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Chromatin Behavior in the Development and Maturation of the Egg Nucleus of Zamia umbrosa
George S. Bryan and Richard I. Evans
American Journal of Botany
Vol. 43, No. 9 (Nov., 1956), pp. 640-646
Published by: Botanical Society of America, Inc.
Stable URL: http://www.jstor.org/stable/2438828
Page Count: 7
You can always find the topics here!Topics: Eggs, Chromatin, Globules, Nuclear membrane, Chromosomes, Egg masses, Ova, Canals, Cytoplasm, Reticulum
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The behavior of the chromatin during the development and maturation of the egg nucleus of Zamia has been followed in detail using the Feulgen reaction. The central nucleus possesses diffuse chromatin and, commonly, a conspicuous nucleolus. During preparation for division the nucleolus disappears and the condensed chromosomes become evident. The division spindle is intranuclear, and the chromosomes long and slender. Their number appears to be eight. At late telophase the chromosomes are distributed throughout the young egg nucleus. But thereafter two developments take place simultaneously: (1) a rapid enlargement of the egg nucleus to its ultimate huge size; (2) a slow, continuous contraction of the chromosomes into a microscopic mass, which may occupy various positions in the nucleus. The behavior of the chromatin has not been followed previously in any cycad. Fragmentary evidence from the literature suggests that the behavior of the chromatin in Cycas follows that in Zamia. The necessity of a Feulgen study to resolve the conflicting accounts of chromatin behavior in Pinus is discussed. The maturing egg nucleus of Zamia is of further interest in that there is a remarkable modification of the nuclear membrane into a reticulate pattern of ridges and depressions; and, simultaneously, the growth and extrusion of a large number of globules formed within the membrane. The freed globules are capable of limited growth, are vacuolate, and give a negative Feulgen reaction. Such extrusions have not been previously reported from the large egg nuclei of other cycads nor from those of the conifers, but something apparently similar has been found in the large egg of certain lower animals.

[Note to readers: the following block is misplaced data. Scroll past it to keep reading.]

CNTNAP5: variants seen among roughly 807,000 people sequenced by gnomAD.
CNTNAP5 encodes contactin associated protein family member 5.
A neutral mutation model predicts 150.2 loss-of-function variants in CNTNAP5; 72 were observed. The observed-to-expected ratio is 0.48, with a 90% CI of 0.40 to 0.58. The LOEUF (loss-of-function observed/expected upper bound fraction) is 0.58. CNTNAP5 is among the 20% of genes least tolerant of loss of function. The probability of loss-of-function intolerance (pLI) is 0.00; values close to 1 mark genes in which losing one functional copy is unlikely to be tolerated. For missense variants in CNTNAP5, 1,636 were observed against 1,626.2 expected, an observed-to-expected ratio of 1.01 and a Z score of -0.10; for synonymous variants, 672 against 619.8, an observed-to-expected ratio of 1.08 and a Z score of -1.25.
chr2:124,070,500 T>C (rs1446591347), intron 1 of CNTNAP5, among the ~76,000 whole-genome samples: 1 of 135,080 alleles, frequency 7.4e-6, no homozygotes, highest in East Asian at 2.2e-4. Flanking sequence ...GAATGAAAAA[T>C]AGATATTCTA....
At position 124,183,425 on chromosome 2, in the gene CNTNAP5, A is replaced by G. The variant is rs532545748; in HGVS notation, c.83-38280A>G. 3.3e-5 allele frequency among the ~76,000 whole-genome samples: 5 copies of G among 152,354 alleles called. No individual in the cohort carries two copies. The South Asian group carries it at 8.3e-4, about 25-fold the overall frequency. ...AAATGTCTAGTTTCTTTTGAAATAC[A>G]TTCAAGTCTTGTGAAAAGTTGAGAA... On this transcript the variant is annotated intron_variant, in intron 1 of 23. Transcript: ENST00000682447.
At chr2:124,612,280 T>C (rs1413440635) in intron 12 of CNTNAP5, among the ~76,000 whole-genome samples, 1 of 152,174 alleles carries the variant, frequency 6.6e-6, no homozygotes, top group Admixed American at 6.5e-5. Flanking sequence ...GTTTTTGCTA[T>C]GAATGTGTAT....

American Journal of Botany © 1956 Botanical Society of America, Inc.